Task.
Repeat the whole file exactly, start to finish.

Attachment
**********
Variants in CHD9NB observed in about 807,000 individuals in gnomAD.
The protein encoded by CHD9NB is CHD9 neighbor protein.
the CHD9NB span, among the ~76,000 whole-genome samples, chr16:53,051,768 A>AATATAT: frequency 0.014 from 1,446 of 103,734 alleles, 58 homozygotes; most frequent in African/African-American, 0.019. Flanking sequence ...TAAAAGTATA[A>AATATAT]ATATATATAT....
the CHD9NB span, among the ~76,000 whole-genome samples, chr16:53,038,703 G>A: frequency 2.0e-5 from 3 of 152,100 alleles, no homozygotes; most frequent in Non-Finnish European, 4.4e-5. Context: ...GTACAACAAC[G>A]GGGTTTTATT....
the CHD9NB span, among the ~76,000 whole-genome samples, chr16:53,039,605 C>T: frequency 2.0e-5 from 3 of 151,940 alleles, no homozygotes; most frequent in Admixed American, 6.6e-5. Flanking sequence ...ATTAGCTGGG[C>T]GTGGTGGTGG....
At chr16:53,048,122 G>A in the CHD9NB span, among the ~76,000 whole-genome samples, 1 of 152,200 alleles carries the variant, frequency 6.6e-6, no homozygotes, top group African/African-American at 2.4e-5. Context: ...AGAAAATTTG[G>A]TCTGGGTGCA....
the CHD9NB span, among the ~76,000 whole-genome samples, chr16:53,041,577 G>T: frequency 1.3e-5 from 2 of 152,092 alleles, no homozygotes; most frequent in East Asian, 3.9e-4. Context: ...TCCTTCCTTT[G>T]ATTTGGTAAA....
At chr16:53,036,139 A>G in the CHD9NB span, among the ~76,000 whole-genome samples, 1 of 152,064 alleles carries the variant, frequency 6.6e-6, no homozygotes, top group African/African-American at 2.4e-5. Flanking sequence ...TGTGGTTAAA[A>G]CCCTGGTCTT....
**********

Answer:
Variants in CHD9NB observed in about 807,000 individuals in gnomAD.
The protein encoded by CHD9NB is CHD9 neighbor protein.
the CHD9NB span, among the ~76,000 whole-genome samples, chr16:53,051,768 A>AATATAT: frequency 0.014 from 1,446 of 103,734 alleles, 58 homozygotes; most frequent in African/African-American, 0.019. Flanking sequence ...TAAAAGTATA[A>AATATAT]ATATATATAT....
the CHD9NB span, among the ~76,000 whole-genome samples, chr16:53,038,703 G>A: frequency 2.0e-5 from 3 of 152,100 alleles, no homozygotes; most frequent in Non-Finnish European, 4.4e-5. Context: ...GTACAACAAC[G>A]GGGTTTTATT....
the CHD9NB span, among the ~76,000 whole-genome samples, chr16:53,039,605 C>T: frequency 2.0e-5 from 3 of 151,940 alleles, no homozygotes; most frequent in Admixed American, 6.6e-5. Flanking sequence ...ATTAGCTGGG[C>T]GTGGTGGTGG....
At chr16:53,048,122 G>A in the CHD9NB span, among the ~76,000 whole-genome samples, 1 of 152,200 alleles carries the variant, frequency 6.6e-6, no homozygotes, top group African/African-American at 2.4e-5. Context: ...AGAAAATTTG[G>A]TCTGGGTGCA....
the CHD9NB span, among the ~76,000 whole-genome samples, chr16:53,041,577 G>T: frequency 1.3e-5 from 2 of 152,092 alleles, no homozygotes; most frequent in East Asian, 3.9e-4. Context: ...TCCTTCCTTT[G>T]ATTTGGTAAA....
At chr16:53,036,139 A>G in the CHD9NB span, among the ~76,000 whole-genome samples, 1 of 152,064 alleles carries the variant, frequency 6.6e-6, no homozygotes, top group African/African-American at 2.4e-5. Flanking sequence ...TGTGGTTAAA[A>G]CCCTGGTCTT....